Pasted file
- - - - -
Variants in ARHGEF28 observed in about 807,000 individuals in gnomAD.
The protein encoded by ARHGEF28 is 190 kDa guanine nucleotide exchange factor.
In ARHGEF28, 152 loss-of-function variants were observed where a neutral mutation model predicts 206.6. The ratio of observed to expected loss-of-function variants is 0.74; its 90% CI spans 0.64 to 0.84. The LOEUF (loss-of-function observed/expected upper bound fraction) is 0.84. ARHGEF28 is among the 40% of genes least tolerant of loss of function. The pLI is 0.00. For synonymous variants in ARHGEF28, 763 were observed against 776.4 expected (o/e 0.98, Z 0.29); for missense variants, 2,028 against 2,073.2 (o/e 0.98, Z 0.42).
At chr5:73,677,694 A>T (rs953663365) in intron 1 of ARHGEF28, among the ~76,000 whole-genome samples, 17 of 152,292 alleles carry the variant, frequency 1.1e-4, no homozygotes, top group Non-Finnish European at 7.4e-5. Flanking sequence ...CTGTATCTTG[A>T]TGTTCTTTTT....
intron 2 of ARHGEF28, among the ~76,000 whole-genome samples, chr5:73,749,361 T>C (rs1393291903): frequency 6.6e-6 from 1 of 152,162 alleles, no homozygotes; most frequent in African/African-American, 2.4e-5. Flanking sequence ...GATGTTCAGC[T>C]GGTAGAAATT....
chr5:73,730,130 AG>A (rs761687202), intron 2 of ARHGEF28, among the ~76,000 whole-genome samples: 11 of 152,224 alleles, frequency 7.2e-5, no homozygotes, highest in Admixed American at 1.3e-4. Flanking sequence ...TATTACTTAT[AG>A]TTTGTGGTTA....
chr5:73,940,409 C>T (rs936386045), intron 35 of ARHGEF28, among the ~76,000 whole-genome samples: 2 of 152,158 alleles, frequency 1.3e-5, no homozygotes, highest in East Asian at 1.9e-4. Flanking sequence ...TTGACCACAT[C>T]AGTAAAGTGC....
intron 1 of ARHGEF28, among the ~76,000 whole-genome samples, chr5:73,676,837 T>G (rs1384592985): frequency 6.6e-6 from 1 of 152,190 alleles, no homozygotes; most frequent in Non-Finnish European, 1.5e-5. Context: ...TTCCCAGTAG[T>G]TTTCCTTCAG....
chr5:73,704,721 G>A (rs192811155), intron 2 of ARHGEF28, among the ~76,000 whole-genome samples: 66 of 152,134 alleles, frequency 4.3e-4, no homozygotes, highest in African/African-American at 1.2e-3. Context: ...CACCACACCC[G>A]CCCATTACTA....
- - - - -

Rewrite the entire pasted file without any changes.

Variants in ARHGEF28 observed in about 807,000 individuals in gnomAD.
The protein encoded by ARHGEF28 is 190 kDa guanine nucleotide exchange factor.
In ARHGEF28, 152 loss-of-function variants were observed where a neutral mutation model predicts 206.6. The ratio of observed to expected loss-of-function variants is 0.74; its 90% CI spans 0.64 to 0.84. The LOEUF (loss-of-function observed/expected upper bound fraction) is 0.84. ARHGEF28 is among the 40% of genes least tolerant of loss of function. The pLI is 0.00. For synonymous variants in ARHGEF28, 763 were observed against 776.4 expected (o/e 0.98, Z 0.29); for missense variants, 2,028 against 2,073.2 (o/e 0.98, Z 0.42).
At chr5:73,677,694 A>T (rs953663365) in intron 1 of ARHGEF28, among the ~76,000 whole-genome samples, 17 of 152,292 alleles carry the variant, frequency 1.1e-4, no homozygotes, top group Non-Finnish European at 7.4e-5. Flanking sequence ...CTGTATCTTG[A>T]TGTTCTTTTT....
intron 2 of ARHGEF28, among the ~76,000 whole-genome samples, chr5:73,749,361 T>C (rs1393291903): frequency 6.6e-6 from 1 of 152,162 alleles, no homozygotes; most frequent in African/African-American, 2.4e-5. Flanking sequence ...GATGTTCAGC[T>C]GGTAGAAATT....
chr5:73,730,130 AG>A (rs761687202), intron 2 of ARHGEF28, among the ~76,000 whole-genome samples: 11 of 152,224 alleles, frequency 7.2e-5, no homozygotes, highest in Admixed American at 1.3e-4. Flanking sequence ...TATTACTTAT[AG>A]TTTGTGGTTA....
chr5:73,940,409 C>T (rs936386045), intron 35 of ARHGEF28, among the ~76,000 whole-genome samples: 2 of 152,158 alleles, frequency 1.3e-5, no homozygotes, highest in East Asian at 1.9e-4. Flanking sequence ...TTGACCACAT[C>T]AGTAAAGTGC....
intron 1 of ARHGEF28, among the ~76,000 whole-genome samples, chr5:73,676,837 T>G (rs1384592985): frequency 6.6e-6 from 1 of 152,190 alleles, no homozygotes; most frequent in Non-Finnish European, 1.5e-5. Context: ...TTCCCAGTAG[T>G]TTTCCTTCAG....
chr5:73,704,721 G>A (rs192811155), intron 2 of ARHGEF28, among the ~76,000 whole-genome samples: 66 of 152,134 alleles, frequency 4.3e-4, no homozygotes, highest in African/African-American at 1.2e-3. Context: ...CACCACACCC[G>A]CCCATTACTA....